Harrogate’s addiction to SUVs contributing to climate crisis
Last updated Nov 10, 2021

Stray Ferret research has found that Harrogate’s is one of the SUV capitals in the North of England — and our addiction to the bulky gas guzzlers will make it harder to reduce transport emissions.

Sports Utility Vehicles have exploded in popularity over the past twenty years. They’ve been blamed for a global rise in carbon dioxide emissions that is contributing to extreme weather events around the world.

Whilst SUVs such as the Range Rover, BMW X5, and the Kia Sorento might make comfortable family cars, they emit 14% more CO2 than smaller passenger cars due to their size.

The ‘Chelsea Tractor’ has a reputation as one of the ultimate four-wheeled status symbols, but are motorists in Harrogate pricing in their significant carbon cost?

The James Street Tractor

Harrogate’s affluent population might mean its position as an SUV stronghold is not a surprise.

Data obtained by the Stray Ferret found that 18% of all new private vehicles registrations in the last three years in Harrogate were large SUVs.

This means that in the North and Midlands, the district is the 3rd highest English council area for a percentage of vehicles sold being large SUVs.

The Department for Transport data was shared with us by environmental charity Possible.

When the figures are broken down further into a percentage of Range Rovers sold, Harrogate is the 7th highest for the whole of the UK. Number 1 is the home of the “Chelsea Tractor”, Kensington & Chelsea.

Transport emissions account for 49% of all greenhouse gas emissions in the Harrogate district, which is higher than the national average.

To make a serious dent in reducing this number, both North Yorkshire County Council and Harrogate Borough Council are attempting to change driving habits through schemes such as the Station Gateway, yet the district’s appetite for SUVs appears healthier than ever.

‘We deserve some luxury’

For many residents in the villages around the district, four-wheel-drive SUVs are a lifeline in snowy weather.

During last winter’s cold snap, SUVs comfortably drove past smaller cars that were stranded by the side of the road.

One Harrogate car dealer, who has worked at several dealerships across the district over the past decade, said SUV sales went up massively around six or seven years ago and there is now a far greater range of SUVs to choose from.

He believes the emissions from an SUV are not massively different from a typical passenger car, as they are built with many of the same components.

But he conceded that many SUVs are bought in Harrogate for “fashion” reasons.

We also asked some Stray Ferret readers why they think SUVs are so popular in Harrogate.

Charles Haines said people drive them for image and not for practical needs.

He added:

“I’ve seen three people on Facebook buy themselves SUV’s and the post about “treating themselves” or “we deserve some luxury”. The reality is they clog up the roads and they are now being blamed for an increase in CO2.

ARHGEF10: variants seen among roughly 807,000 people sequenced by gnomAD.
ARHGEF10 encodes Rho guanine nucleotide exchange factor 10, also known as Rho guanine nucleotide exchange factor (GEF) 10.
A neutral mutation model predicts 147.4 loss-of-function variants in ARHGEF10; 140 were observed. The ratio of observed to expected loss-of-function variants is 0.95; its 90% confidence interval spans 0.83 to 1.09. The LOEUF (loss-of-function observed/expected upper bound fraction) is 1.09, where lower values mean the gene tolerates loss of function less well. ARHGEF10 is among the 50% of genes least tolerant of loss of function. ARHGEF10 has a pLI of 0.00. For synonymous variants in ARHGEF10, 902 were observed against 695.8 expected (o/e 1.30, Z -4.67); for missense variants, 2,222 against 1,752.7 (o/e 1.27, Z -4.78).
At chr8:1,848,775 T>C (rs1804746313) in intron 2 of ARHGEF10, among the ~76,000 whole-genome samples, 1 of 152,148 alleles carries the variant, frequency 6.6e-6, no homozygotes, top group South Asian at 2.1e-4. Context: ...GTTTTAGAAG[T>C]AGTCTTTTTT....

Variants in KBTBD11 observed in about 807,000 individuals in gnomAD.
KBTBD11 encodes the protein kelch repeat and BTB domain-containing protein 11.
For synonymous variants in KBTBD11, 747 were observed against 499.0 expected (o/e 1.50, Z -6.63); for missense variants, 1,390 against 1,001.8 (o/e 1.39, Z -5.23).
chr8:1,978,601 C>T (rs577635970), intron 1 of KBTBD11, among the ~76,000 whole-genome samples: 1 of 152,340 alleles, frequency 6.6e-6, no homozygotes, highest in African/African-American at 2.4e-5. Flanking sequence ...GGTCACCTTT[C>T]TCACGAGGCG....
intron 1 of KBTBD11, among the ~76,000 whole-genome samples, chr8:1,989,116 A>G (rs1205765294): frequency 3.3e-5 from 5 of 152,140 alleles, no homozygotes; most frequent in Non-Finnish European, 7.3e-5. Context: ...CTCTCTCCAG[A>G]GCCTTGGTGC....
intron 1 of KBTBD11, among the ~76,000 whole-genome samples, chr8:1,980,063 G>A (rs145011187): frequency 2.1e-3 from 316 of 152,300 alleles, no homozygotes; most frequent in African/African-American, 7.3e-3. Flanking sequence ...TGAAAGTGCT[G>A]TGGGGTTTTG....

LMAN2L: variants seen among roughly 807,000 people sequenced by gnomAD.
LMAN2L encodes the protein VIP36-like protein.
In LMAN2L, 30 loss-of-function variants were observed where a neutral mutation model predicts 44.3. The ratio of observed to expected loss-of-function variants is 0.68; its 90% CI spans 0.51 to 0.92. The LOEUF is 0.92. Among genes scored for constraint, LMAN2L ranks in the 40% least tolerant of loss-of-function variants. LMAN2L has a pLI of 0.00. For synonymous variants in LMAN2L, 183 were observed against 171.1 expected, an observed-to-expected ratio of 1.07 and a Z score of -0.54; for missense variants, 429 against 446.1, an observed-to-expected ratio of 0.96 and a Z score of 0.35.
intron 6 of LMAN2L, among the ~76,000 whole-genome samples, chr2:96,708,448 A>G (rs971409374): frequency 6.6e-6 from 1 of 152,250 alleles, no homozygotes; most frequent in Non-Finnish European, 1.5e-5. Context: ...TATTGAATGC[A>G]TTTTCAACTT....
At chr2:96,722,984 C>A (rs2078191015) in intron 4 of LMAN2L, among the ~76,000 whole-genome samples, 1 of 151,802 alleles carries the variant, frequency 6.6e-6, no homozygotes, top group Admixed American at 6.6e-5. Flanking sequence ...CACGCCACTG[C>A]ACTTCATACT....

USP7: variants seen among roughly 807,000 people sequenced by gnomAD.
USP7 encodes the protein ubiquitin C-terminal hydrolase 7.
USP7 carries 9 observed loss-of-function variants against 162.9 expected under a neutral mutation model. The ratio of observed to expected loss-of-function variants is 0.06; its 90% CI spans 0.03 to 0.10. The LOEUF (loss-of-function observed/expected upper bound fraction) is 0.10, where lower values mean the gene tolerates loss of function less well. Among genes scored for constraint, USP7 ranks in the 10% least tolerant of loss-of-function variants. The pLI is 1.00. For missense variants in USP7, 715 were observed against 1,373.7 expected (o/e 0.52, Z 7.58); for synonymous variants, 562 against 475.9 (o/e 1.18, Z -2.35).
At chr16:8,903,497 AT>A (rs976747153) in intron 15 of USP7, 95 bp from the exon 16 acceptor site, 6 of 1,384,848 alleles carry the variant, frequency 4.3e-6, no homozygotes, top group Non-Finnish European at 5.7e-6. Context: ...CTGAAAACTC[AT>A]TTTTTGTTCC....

“The USA has seen a 28-year-high in pedestrian fatalities, which is now being linked to the numbers of SUV’s.”

Robbie Burns said people in Harrogate “have too much money”:

“What a waste in my opinion. I hate them, they are an aggressive vehicle, as a pedestrian I find them very threatening to walk and cross in front of.”

Daniel Ayres said that whilst there are negatives to SUVs they are useful for rural residents.

“There are obviously a bunch of bad reasons but also we are in the countryside and do get hefty snow and rain and have a lot of hills. Four-wheel drive does have uses at those times.”

They are damaging the environment

The International Energy Agency published a report that found around the world SUVs are producing more emissions than the entire aviation industry.

SUVs even produce more emissions globally than heavy trucks.

Many hope the shift towards electric vehicles will help reduce emissions from transport, but Rod Beardshall, transport lead at Harrogate green charity Zero Carbon Harrogate believes it’s not that simple.

He told the Stray Ferret that electric SUVs are not a silver bullet for the environment due to the high amount of CO2 emissions that are created during manufacturing.

There are also ethical questions about how minerals for the batteries are procured, with some concerning reports about cobalt and lithium mines in the Democratic Republic of Congo.

Mr Beardshall said the world will “hurtle off a cliff” unless we all drive less.

He said:

“I don’t know whether [SUV drivers] don’t realise or simply think one person is not going to make a difference to the planet.

“But we need to get the message out there that SUVs are damaging the environment.”


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